Callie Hicks lives with host family to pursue competitive sports

When did you start doing gymnastics?

I started doing gymnastics when I was about eight years old. I started out doing power tumbling in Emporia, and from there I went to G-Force in Lawrence. Then I started getting into artistic gymnastics when I was eleven.


What is the difference between artistic and regular gymnastics?

What you are referring to as “regular” is power tumbling and trampoline. That’s three events instead of four, and you do double mini, which is like a trampoline sitting stationary and you run up on it and jump like three times, and then you do a flip off of it.  From there, there’s power tumbling, which is a single rod floor strip.  I was a level eight at the time I was doing that and was doing about nine total flips down the runway.


What’s an example of a pass you would do?

One of my passes was running into a round off back handspring, whip, whip, whip, whip, back handspring, back handspring, back layout, full.  I had another [pass] but it wasn’t as advanced. You generally have two different passes.


whip- basically a back handspring with no hands.

full- a 360 degree back flip, usually with a straight body.


Then you did trampoline, which is my least favorite. I didn’t do as well on that. I was a level seven. There was this move called a crash dive that I absolutely despised. You jump up into the air and kind of flail your body, then arch your back, and then at the last minute you duck and land on your back on the trampoline and then you do a flip from there.  It scared me so badly. That’s one of the things that led me to artistic gymnastics.  I always wanted to flip on the beam and stuff.


So artistic gymnastics is the beam, floor, vault, and bars we see in the Olympics?



Why do you like gymnastics?

I kind of found that gymnastics was the sport for me because I was always a lot smaller than other kids. I did basketball for a while and I got pretty thrown around. I mean it was fun–I really liked basketball and I played it as a kid in little ball leagues. I also actually did martial arts for a while, and in there it was pretty physically tough. It actually got to the point where we were trying to do flips but there wasn’t really anyone who knew how to spot, and so that’s when gymnastics kind of came into my life: “I wanna do flips, mom.”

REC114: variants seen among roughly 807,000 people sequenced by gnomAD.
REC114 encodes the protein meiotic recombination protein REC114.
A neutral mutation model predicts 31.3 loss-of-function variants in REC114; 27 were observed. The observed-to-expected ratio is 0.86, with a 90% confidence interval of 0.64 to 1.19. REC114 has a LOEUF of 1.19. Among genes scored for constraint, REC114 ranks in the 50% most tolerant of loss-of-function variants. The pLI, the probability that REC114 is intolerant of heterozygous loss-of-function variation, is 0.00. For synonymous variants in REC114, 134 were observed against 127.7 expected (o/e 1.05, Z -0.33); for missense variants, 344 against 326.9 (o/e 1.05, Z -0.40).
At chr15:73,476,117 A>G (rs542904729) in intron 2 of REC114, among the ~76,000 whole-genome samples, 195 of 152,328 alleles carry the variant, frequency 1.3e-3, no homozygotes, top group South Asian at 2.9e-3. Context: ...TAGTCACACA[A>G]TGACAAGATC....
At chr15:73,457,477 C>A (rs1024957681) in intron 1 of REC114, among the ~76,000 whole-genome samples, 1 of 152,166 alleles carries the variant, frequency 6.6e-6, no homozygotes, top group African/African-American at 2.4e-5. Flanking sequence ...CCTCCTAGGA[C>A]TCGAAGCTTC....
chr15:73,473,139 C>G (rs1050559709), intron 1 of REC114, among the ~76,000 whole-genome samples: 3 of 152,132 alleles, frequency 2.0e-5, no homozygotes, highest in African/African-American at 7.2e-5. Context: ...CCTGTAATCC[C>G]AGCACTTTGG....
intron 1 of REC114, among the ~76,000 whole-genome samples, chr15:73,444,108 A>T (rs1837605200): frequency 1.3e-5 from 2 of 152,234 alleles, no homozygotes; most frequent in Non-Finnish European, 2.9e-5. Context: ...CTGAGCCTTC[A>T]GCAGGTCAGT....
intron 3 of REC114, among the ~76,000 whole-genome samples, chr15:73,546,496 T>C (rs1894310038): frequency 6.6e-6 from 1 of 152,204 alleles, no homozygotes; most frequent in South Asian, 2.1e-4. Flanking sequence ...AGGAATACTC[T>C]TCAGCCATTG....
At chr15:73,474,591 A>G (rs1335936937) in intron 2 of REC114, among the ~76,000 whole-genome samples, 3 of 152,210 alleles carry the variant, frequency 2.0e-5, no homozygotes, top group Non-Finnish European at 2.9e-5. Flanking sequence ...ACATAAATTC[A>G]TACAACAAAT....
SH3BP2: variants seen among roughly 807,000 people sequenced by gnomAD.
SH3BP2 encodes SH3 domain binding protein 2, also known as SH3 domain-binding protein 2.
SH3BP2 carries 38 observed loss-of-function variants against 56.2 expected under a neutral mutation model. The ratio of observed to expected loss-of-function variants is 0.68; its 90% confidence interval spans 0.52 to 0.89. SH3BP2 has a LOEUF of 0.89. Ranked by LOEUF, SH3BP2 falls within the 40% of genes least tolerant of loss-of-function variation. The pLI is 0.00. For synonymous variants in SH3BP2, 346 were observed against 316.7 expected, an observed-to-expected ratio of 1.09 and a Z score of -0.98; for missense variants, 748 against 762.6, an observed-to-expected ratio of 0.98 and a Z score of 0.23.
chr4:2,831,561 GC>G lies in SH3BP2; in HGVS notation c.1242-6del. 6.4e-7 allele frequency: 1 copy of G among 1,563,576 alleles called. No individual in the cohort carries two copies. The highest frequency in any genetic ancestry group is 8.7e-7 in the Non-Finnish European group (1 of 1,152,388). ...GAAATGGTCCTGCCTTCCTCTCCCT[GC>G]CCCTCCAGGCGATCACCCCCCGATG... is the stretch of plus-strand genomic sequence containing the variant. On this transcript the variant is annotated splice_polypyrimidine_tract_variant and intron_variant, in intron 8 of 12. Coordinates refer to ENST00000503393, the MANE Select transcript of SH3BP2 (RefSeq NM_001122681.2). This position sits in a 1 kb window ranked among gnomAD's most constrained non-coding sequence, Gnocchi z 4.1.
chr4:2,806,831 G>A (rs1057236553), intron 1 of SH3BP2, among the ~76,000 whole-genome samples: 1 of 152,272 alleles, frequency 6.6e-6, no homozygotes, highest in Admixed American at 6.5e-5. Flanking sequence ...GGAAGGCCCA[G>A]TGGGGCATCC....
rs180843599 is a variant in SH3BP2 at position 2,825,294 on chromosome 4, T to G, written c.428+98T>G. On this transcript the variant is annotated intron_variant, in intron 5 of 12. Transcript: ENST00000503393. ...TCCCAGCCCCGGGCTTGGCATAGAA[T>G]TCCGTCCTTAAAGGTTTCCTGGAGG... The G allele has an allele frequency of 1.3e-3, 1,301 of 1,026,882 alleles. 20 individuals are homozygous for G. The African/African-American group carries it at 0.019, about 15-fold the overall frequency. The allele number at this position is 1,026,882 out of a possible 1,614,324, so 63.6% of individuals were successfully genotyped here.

Why do you like gymnastics?

I think every gymnast will tell you it’s the thrill that gets to them.  Like when you’re really scared of something, but you go for it and you land it and you’re just like, “Oh my gosh, yes. I have this now. I can do it anytime, anyplace.”  It just feels really good.


What have you accomplished?

Well, this competition season I actually took a break from competing and I got into track.


What do you do in track?

I do pole vault and long jump. It definitely takes a little bit of time out of my gymnastics schedule, but once track starts coming to an end I think I’ll be in the gym a lot more often. Right now I train about fifteen hours a week.


Where do you go to do gymnastics?

Monday through Wednesday I got to LGA for open gym, and I meet up with a couple of friends there and they help me out. There’s a guy there who helps me out who’s awesome. He was a level ten, and really good.  He can do double layouts and blind pirouettes on the high bar.


Are you preparing for anything currently?

I’m training to go to a mobilization meet, I don’t know where it is yet.


What’s that?

It’s a meet that you go to and compete in the level you were in last year (level eight) and if you get a certain score you move to the next level. It’s only one meet. I can’t remember what the all-around score is i need to qualify for level nine, I think it’s like a 33 or 32. So that’s my next big goal for gymnastics.


Can you explain your decision to move?

Over this past summer my mom had been secretly communicating with one of my gymnastics coach’s parents, and they had worked out the schedule where I’d come up during the week and go home over the weekend and go to school at Free State.  I’m originally from Garnett, Kan.  The move was all for the sake of gymnastics. At first I was going to practice about twenty hours a week at LGA, but track started coming into the picture. I’m actually trying to get on a travelling team for track in Kansas City, and so plans kind of deteriorate when you get into more things.


Who do you live with?

I’m staying with Carol and Sean McGarrity. They have two daughters, and one of them goes to Free State and the other actually used to do gymnastics. But over this summer if I consider staying over here for school next year, which I am almost 90 percent sure I am, I’m probably going to move in Stan and Teresa Rasmussen, whose kids used to go to LGA.


How is it living with them?

They are really nice, really kind, really busy. They still all work. It’s pretty good; I have a lot of privacy I’ve noticed. I thought I’d be pretty involved, but it just so happens we’re all pretty much gone at different times, and so I never really see anyone. So at times I do get lonely, but altogether they’re really supportive and really nice.


That’s awesome. Do you miss your family?

Yes, going over the weekend is really nice.